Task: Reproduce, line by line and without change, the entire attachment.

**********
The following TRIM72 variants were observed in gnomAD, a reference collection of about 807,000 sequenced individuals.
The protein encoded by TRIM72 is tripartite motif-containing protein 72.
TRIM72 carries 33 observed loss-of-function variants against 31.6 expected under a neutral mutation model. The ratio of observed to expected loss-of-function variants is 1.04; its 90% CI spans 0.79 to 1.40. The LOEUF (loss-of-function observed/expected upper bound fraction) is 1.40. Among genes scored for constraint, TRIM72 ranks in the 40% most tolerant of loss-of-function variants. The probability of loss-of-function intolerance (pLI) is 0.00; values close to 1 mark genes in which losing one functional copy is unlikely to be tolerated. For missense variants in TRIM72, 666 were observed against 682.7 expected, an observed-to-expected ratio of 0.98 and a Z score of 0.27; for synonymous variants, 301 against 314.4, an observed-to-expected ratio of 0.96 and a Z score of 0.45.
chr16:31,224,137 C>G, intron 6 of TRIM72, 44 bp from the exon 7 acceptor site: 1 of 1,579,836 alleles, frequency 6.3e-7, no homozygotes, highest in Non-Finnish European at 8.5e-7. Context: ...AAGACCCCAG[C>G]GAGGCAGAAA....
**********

The following TRIM72 variants were observed in gnomAD, a reference collection of about 807,000 sequenced individuals.
The protein encoded by TRIM72 is tripartite motif-containing protein 72.
TRIM72 carries 33 observed loss-of-function variants against 31.6 expected under a neutral mutation model. The ratio of observed to expected loss-of-function variants is 1.04; its 90% CI spans 0.79 to 1.40. The LOEUF (loss-of-function observed/expected upper bound fraction) is 1.40. Among genes scored for constraint, TRIM72 ranks in the 40% most tolerant of loss-of-function variants. The probability of loss-of-function intolerance (pLI) is 0.00; values close to 1 mark genes in which losing one functional copy is unlikely to be tolerated. For missense variants in TRIM72, 666 were observed against 682.7 expected, an observed-to-expected ratio of 0.98 and a Z score of 0.27; for synonymous variants, 301 against 314.4, an observed-to-expected ratio of 0.96 and a Z score of 0.45.
chr16:31,224,137 C>G, intron 6 of TRIM72, 44 bp from the exon 7 acceptor site: 1 of 1,579,836 alleles, frequency 6.3e-7, no homozygotes, highest in Non-Finnish European at 8.5e-7. Context: ...AAGACCCCAG[C>G]GAGGCAGAAA....